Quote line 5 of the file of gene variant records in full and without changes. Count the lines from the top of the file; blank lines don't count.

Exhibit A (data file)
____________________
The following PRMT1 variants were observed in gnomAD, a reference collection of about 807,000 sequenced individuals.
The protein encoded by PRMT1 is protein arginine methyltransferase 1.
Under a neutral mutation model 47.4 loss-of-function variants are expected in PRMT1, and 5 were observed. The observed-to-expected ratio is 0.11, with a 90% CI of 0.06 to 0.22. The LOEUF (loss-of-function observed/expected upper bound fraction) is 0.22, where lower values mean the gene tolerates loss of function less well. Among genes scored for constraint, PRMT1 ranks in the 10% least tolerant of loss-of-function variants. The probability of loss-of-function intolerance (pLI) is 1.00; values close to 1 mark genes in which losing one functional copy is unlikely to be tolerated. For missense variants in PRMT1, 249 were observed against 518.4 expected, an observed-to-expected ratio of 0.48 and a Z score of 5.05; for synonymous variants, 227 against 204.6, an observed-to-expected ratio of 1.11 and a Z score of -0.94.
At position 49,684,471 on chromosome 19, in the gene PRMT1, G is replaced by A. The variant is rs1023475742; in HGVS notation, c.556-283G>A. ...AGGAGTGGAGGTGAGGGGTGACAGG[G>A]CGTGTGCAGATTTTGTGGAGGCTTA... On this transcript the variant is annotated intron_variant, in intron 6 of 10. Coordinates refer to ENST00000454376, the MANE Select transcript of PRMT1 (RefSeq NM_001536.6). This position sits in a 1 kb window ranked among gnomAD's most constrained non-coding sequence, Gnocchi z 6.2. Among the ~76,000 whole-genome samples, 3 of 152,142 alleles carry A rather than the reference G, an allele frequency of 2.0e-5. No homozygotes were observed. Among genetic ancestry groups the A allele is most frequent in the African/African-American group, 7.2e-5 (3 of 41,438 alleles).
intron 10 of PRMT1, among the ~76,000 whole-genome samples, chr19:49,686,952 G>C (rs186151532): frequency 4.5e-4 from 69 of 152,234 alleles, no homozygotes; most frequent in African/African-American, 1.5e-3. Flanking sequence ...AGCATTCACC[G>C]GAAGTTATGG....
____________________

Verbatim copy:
intron 10 of PRMT1, among the ~76,000 whole-genome samples, chr19:49,686,952 G>C (rs186151532): frequency 4.5e-4 from 69 of 152,234 alleles, no homozygotes; most frequent in African/African-American, 1.5e-3. Flanking sequence ...AGCATTCACC[G>C]GAAGTTATGG....